Sunday, May 20, 2012

Good & Evil, Free Will, Etc.


PERHAPS THE OLDEST QUESTION in the history of monotheism is “why do bad things happen to good people?” The reason this question is specific to monotheism is quite simple. To the atheist of course there is no question; there is no judgment and there is no judge. To the believer in multiple gods there is no question either, because what might be a value to one god might not be to another. Furthermore, the gods in such a system would not be of unlimited power, and therefore would not necessarily be able to prevent bad things happening to good people. But to a believer in classical monotheism, that is in one God, who values good and has unlimited power, the concept of bad things happening to good people has always presented a challenge.

Throughout the traditional literature we find this issue brought up numerous times. The biblical book of Job bases itself around this problem. According to the sages of the Talmud, Moses himself struggled with this problem, and quite possibly never received a satisfactory answer.[1] Throughout the ages various solutions have been proposed, with each commentator presenting another approach; each attacking the problem from another angle. I doubt that I can add anything to the plethora of commentary and give-and-take that is already on the table, and I cannot say that I know enough to state definitively what “the Jewish perspective” is. However, be that as it may, I wish to explore one general way of looking at things, which might hopefully shed a clearer light on one of the angles which is often neglected by the more traditionally inclined.

Monday, May 14, 2012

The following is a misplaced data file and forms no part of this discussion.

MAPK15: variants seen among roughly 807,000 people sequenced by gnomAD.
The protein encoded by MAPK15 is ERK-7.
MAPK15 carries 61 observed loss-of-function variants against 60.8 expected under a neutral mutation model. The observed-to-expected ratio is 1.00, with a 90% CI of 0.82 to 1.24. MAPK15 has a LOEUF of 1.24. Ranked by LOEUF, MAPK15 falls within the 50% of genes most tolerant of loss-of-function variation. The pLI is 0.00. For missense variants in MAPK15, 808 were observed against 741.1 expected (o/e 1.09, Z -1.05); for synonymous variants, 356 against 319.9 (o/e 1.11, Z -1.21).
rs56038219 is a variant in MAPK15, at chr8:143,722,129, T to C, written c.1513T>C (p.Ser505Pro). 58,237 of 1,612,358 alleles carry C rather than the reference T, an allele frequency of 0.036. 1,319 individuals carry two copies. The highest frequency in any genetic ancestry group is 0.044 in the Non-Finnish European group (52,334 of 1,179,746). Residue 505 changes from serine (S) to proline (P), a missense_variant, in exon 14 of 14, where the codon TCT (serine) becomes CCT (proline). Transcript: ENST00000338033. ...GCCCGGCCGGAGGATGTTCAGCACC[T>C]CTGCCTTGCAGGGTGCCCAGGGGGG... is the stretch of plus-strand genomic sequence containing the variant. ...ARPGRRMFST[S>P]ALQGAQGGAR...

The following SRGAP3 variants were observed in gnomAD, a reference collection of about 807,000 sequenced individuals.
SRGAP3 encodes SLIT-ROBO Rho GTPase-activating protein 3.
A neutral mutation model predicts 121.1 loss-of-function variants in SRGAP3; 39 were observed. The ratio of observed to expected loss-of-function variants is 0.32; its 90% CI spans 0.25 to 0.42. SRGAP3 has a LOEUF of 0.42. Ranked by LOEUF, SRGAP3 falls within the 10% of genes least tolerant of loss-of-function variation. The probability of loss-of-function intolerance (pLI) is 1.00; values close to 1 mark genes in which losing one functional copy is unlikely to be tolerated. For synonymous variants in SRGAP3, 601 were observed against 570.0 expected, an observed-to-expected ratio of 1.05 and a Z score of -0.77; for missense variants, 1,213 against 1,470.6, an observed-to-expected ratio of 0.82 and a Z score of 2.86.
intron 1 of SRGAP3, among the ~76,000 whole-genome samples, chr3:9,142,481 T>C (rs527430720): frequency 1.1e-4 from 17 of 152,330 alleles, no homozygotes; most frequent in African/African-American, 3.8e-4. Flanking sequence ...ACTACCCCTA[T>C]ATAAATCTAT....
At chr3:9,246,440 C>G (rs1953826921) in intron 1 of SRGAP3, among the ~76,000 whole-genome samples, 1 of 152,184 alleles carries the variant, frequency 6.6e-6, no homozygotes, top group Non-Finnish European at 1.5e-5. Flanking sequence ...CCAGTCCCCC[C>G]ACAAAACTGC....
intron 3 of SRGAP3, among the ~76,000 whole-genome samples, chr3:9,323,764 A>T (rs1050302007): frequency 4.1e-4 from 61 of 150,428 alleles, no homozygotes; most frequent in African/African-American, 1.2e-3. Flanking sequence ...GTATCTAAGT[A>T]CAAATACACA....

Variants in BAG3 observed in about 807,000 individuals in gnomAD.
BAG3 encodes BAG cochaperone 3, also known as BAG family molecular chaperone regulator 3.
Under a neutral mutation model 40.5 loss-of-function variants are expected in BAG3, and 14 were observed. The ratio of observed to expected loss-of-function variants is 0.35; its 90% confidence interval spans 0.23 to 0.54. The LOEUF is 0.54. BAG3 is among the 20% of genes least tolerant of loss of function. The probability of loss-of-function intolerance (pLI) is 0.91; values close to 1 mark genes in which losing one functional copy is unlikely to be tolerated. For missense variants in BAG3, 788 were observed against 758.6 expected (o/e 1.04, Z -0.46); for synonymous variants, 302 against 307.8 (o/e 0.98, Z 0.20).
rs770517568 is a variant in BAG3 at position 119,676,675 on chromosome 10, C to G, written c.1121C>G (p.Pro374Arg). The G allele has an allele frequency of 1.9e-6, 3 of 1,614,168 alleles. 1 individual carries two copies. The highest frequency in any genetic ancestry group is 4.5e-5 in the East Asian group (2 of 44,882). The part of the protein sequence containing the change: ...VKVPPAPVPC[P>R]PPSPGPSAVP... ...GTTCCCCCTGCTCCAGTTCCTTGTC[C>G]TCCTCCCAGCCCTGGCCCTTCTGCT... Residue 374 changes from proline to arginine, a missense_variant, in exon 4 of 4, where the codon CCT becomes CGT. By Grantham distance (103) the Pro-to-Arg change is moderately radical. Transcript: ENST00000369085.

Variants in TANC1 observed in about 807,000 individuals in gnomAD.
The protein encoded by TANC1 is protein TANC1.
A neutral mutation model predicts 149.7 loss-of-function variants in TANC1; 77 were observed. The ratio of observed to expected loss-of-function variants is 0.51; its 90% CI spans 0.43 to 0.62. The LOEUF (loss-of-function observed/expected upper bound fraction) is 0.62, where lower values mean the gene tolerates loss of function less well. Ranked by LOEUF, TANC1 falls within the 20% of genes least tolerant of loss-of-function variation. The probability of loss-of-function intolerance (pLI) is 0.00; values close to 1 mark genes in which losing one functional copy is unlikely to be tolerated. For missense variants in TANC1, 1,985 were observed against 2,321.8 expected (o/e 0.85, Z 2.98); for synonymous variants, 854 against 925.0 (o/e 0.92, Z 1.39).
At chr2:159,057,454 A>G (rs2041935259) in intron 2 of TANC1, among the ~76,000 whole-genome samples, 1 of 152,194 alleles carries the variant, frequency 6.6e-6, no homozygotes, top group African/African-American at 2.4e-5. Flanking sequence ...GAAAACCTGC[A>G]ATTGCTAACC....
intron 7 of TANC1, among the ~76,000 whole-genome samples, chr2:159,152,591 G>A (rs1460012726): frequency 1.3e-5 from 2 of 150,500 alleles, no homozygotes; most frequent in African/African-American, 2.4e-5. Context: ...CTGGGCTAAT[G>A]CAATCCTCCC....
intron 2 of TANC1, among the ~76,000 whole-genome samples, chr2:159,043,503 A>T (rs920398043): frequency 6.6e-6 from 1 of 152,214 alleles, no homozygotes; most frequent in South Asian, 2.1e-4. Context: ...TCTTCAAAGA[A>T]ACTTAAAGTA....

Calling Former Teachers by Name


Note to fellow members of the blogosphere: If anyone was wondering why I haven’t been terribly active lately, it’s because I have been busy with something that will be occupying most of my time until mid-June. Until then however, comments and suggestions for future posts are still welcome (of course). Anyway.

A recent Hirhurim post noted the following:

You must also respect someone who taught you a little Torah–even just one word. However, the respect you must show him is less than what you must show your mentor (Shulchan Arukh, Yoreh De’ah 242:30). The Sedei Chemed (Ma’arekhes Khaf, no. 104) quotes the Tzapichis Bi-Dvash who argues that you may call such a teacher by name, without a title, while the Tzelach (Berakhos 4a sv. va-ani) holds you must use a title although you need not call him just “rebbe.” The Tiferes Yisrael (Avos 6:3 no. 50) also contends that you are obligated to call him by a title.[1]

As I have not had the opportunity to look up the Tzelach or the Tiferes Yisrael, I do not know what their position is based in. However, I believe there is a clear Tosafos from which we can easily infer the position held by the Tzapichis Bi-Dvash, that no special title is necessary when addressing a teacher who is not one’s mentor.